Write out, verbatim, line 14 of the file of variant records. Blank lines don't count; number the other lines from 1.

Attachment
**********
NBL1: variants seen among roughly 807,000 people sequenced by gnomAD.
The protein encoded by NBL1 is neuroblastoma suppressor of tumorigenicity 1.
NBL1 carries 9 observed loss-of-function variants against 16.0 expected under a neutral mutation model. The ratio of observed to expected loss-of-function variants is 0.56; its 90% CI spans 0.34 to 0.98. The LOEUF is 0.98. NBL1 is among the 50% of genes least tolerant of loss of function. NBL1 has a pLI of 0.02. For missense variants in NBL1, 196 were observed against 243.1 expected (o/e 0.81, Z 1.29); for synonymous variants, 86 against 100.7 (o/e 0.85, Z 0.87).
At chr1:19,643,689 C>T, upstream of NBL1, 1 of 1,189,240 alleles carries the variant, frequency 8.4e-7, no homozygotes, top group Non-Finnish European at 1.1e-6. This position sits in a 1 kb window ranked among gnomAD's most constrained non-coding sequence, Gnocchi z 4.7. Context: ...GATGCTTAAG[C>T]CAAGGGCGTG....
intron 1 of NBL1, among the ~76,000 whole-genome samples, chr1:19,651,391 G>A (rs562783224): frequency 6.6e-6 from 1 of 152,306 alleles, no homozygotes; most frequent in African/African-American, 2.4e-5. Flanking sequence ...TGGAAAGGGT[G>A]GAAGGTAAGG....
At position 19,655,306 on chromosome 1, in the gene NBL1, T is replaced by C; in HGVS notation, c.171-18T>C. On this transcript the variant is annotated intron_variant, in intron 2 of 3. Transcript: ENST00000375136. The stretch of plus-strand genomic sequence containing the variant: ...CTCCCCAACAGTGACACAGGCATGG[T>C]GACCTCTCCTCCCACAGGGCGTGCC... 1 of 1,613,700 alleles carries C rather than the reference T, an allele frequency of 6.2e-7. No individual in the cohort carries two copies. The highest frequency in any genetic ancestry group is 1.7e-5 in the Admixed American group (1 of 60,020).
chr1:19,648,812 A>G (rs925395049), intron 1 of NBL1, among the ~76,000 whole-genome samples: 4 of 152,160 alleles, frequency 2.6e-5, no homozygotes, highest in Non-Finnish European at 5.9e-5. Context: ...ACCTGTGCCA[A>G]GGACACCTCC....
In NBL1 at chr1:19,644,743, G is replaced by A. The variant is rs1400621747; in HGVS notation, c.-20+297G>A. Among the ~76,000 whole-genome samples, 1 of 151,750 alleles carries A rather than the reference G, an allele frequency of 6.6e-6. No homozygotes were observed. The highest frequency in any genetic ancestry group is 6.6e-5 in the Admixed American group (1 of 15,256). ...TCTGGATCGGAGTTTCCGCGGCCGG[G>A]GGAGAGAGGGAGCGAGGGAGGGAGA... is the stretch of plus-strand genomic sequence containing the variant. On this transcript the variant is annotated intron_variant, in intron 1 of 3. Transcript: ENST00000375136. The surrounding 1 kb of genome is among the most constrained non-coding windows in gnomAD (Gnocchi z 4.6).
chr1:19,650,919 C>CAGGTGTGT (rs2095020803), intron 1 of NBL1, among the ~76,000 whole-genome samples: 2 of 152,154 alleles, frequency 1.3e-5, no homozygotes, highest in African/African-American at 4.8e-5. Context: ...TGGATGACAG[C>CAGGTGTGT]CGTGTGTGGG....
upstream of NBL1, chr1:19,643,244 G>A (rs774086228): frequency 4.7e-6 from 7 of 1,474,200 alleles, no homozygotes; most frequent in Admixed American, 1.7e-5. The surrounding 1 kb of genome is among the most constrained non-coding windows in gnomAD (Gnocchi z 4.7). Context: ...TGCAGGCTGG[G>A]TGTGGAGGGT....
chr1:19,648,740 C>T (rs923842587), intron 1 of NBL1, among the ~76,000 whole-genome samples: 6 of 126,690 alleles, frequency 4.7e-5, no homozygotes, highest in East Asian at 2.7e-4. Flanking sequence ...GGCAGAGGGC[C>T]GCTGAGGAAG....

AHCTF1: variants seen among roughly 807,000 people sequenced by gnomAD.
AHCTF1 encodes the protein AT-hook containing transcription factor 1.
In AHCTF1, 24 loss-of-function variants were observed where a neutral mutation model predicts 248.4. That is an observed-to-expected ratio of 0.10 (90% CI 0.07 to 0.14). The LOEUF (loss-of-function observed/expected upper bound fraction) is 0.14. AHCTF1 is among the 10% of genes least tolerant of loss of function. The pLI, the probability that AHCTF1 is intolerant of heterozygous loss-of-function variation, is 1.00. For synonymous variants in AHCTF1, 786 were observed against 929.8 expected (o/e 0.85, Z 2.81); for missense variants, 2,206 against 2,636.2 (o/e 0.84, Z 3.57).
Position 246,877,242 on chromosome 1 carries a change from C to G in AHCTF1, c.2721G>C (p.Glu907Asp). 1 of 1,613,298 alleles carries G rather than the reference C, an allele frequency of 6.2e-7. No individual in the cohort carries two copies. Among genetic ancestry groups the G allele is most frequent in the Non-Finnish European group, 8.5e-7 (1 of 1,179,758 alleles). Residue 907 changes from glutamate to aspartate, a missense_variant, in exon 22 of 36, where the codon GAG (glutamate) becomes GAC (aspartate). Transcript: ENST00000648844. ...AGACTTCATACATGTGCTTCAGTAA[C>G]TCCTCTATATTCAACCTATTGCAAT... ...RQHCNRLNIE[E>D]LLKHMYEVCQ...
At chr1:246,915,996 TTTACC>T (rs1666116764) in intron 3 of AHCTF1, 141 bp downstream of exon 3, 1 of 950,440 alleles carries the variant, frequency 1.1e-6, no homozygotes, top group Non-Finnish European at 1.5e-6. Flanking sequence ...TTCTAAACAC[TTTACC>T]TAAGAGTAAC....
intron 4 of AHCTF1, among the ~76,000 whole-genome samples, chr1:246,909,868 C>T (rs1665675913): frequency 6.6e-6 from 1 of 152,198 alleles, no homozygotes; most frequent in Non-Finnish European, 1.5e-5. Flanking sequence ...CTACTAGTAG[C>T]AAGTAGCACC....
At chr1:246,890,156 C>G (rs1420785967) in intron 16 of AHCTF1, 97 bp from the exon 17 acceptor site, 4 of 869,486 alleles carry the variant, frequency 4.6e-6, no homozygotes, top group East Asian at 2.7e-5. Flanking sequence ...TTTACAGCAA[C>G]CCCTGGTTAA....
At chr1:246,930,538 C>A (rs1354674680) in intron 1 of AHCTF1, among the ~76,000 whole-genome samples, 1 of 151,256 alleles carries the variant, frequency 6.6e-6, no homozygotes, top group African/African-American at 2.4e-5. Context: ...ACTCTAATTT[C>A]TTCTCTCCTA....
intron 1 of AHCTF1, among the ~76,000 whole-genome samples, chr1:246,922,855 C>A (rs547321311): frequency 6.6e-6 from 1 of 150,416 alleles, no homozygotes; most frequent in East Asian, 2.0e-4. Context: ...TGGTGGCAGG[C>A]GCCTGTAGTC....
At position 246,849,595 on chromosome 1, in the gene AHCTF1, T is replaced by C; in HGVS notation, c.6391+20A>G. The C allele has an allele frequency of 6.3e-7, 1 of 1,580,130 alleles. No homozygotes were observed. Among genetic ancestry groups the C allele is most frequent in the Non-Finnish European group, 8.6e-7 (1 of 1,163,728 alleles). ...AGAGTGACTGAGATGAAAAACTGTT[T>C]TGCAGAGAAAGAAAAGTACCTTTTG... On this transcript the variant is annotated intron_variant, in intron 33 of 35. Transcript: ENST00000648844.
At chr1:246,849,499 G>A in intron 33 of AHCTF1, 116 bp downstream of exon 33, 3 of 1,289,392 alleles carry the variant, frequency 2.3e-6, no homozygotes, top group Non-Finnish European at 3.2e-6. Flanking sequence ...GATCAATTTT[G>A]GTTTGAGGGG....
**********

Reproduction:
In AHCTF1, 24 loss-of-function variants were observed where a neutral mutation model predicts 248.4. That is an observed-to-expected ratio of 0.10 (90% CI 0.07 to 0.14). The LOEUF (loss-of-function observed/expected upper bound fraction) is 0.14. AHCTF1 is among the 10% of genes least tolerant of loss of function. The pLI, the probability that AHCTF1 is intolerant of heterozygous loss-of-function variation, is 1.00. For synonymous variants in AHCTF1, 786 were observed against 929.8 expected (o/e 0.85, Z 2.81); for missense variants, 2,206 against 2,636.2 (o/e 0.84, Z 3.57).